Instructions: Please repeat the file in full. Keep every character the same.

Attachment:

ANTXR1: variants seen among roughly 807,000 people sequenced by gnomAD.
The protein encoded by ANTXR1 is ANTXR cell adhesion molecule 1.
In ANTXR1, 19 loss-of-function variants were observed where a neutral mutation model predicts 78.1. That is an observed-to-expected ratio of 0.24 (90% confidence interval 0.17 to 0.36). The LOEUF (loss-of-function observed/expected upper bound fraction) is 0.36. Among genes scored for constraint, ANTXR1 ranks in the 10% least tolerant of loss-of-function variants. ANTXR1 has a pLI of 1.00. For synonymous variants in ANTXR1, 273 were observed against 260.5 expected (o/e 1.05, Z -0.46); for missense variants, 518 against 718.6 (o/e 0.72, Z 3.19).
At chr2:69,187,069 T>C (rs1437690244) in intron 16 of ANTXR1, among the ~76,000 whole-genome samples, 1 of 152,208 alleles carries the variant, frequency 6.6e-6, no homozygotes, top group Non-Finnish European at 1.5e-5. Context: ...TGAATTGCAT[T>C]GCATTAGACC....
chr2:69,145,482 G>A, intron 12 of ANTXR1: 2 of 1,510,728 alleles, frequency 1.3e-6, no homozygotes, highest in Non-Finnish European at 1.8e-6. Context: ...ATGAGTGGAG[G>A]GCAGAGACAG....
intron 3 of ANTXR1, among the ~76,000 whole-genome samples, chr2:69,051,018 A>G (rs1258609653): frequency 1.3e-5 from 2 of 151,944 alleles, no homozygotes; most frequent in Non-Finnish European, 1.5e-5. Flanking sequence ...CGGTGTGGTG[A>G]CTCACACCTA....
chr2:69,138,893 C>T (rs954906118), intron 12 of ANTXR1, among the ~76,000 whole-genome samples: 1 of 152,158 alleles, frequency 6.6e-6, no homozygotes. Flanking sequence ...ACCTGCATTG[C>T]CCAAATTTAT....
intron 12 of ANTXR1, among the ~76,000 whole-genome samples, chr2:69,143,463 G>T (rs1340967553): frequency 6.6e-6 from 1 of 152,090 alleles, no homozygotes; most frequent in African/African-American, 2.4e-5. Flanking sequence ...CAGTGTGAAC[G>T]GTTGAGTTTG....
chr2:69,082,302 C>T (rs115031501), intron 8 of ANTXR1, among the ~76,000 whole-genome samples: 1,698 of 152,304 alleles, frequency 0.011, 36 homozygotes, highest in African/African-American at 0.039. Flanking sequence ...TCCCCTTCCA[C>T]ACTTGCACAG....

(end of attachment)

ANTXR1: variants seen among roughly 807,000 people sequenced by gnomAD.
The protein encoded by ANTXR1 is ANTXR cell adhesion molecule 1.
In ANTXR1, 19 loss-of-function variants were observed where a neutral mutation model predicts 78.1. That is an observed-to-expected ratio of 0.24 (90% confidence interval 0.17 to 0.36). The LOEUF (loss-of-function observed/expected upper bound fraction) is 0.36. Among genes scored for constraint, ANTXR1 ranks in the 10% least tolerant of loss-of-function variants. ANTXR1 has a pLI of 1.00. For synonymous variants in ANTXR1, 273 were observed against 260.5 expected (o/e 1.05, Z -0.46); for missense variants, 518 against 718.6 (o/e 0.72, Z 3.19).
At chr2:69,187,069 T>C (rs1437690244) in intron 16 of ANTXR1, among the ~76,000 whole-genome samples, 1 of 152,208 alleles carries the variant, frequency 6.6e-6, no homozygotes, top group Non-Finnish European at 1.5e-5. Context: ...TGAATTGCAT[T>C]GCATTAGACC....
chr2:69,145,482 G>A, intron 12 of ANTXR1: 2 of 1,510,728 alleles, frequency 1.3e-6, no homozygotes, highest in Non-Finnish European at 1.8e-6. Context: ...ATGAGTGGAG[G>A]GCAGAGACAG....
intron 3 of ANTXR1, among the ~76,000 whole-genome samples, chr2:69,051,018 A>G (rs1258609653): frequency 1.3e-5 from 2 of 151,944 alleles, no homozygotes; most frequent in Non-Finnish European, 1.5e-5. Flanking sequence ...CGGTGTGGTG[A>G]CTCACACCTA....
chr2:69,138,893 C>T (rs954906118), intron 12 of ANTXR1, among the ~76,000 whole-genome samples: 1 of 152,158 alleles, frequency 6.6e-6, no homozygotes. Flanking sequence ...ACCTGCATTG[C>T]CCAAATTTAT....
intron 12 of ANTXR1, among the ~76,000 whole-genome samples, chr2:69,143,463 G>T (rs1340967553): frequency 6.6e-6 from 1 of 152,090 alleles, no homozygotes; most frequent in African/African-American, 2.4e-5. Flanking sequence ...CAGTGTGAAC[G>T]GTTGAGTTTG....
chr2:69,082,302 C>T (rs115031501), intron 8 of ANTXR1, among the ~76,000 whole-genome samples: 1,698 of 152,304 alleles, frequency 0.011, 36 homozygotes, highest in African/African-American at 0.039. Flanking sequence ...TCCCCTTCCA[C>T]ACTTGCACAG....